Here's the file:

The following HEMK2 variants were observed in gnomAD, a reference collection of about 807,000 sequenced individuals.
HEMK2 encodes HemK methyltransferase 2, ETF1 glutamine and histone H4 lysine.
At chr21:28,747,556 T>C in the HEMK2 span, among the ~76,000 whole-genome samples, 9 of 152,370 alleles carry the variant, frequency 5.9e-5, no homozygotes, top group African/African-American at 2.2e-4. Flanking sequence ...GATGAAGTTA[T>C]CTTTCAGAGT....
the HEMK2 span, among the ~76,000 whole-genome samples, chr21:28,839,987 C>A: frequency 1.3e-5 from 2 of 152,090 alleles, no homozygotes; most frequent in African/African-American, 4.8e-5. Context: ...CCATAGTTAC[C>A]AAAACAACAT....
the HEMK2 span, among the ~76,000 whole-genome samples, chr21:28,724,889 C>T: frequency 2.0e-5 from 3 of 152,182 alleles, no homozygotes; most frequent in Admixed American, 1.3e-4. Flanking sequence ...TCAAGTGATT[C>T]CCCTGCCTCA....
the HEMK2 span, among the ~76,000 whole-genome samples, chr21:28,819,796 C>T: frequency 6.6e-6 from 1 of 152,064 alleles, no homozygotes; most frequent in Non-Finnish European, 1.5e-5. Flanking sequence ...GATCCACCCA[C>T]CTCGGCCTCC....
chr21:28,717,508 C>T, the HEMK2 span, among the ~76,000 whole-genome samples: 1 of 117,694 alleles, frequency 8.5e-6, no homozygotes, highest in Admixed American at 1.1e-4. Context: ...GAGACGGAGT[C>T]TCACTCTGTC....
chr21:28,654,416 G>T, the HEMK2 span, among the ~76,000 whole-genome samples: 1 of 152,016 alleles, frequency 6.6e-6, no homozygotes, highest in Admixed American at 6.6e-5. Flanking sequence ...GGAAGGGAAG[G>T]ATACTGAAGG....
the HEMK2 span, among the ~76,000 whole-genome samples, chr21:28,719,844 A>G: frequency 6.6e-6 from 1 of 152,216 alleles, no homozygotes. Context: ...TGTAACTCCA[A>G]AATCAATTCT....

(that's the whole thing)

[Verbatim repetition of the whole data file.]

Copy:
The following HEMK2 variants were observed in gnomAD, a reference collection of about 807,000 sequenced individuals.
HEMK2 encodes HemK methyltransferase 2, ETF1 glutamine and histone H4 lysine.
At chr21:28,747,556 T>C in the HEMK2 span, among the ~76,000 whole-genome samples, 9 of 152,370 alleles carry the variant, frequency 5.9e-5, no homozygotes, top group African/African-American at 2.2e-4. Flanking sequence ...GATGAAGTTA[T>C]CTTTCAGAGT....
the HEMK2 span, among the ~76,000 whole-genome samples, chr21:28,839,987 C>A: frequency 1.3e-5 from 2 of 152,090 alleles, no homozygotes; most frequent in African/African-American, 4.8e-5. Context: ...CCATAGTTAC[C>A]AAAACAACAT....
the HEMK2 span, among the ~76,000 whole-genome samples, chr21:28,724,889 C>T: frequency 2.0e-5 from 3 of 152,182 alleles, no homozygotes; most frequent in Admixed American, 1.3e-4. Flanking sequence ...TCAAGTGATT[C>T]CCCTGCCTCA....
the HEMK2 span, among the ~76,000 whole-genome samples, chr21:28,819,796 C>T: frequency 6.6e-6 from 1 of 152,064 alleles, no homozygotes; most frequent in Non-Finnish European, 1.5e-5. Flanking sequence ...GATCCACCCA[C>T]CTCGGCCTCC....
chr21:28,717,508 C>T, the HEMK2 span, among the ~76,000 whole-genome samples: 1 of 117,694 alleles, frequency 8.5e-6, no homozygotes, highest in Admixed American at 1.1e-4. Context: ...GAGACGGAGT[C>T]TCACTCTGTC....
chr21:28,654,416 G>T, the HEMK2 span, among the ~76,000 whole-genome samples: 1 of 152,016 alleles, frequency 6.6e-6, no homozygotes, highest in Admixed American at 6.6e-5. Flanking sequence ...GGAAGGGAAG[G>T]ATACTGAAGG....
the HEMK2 span, among the ~76,000 whole-genome samples, chr21:28,719,844 A>G: frequency 6.6e-6 from 1 of 152,216 alleles, no homozygotes. Context: ...TGTAACTCCA[A>G]AATCAATTCT....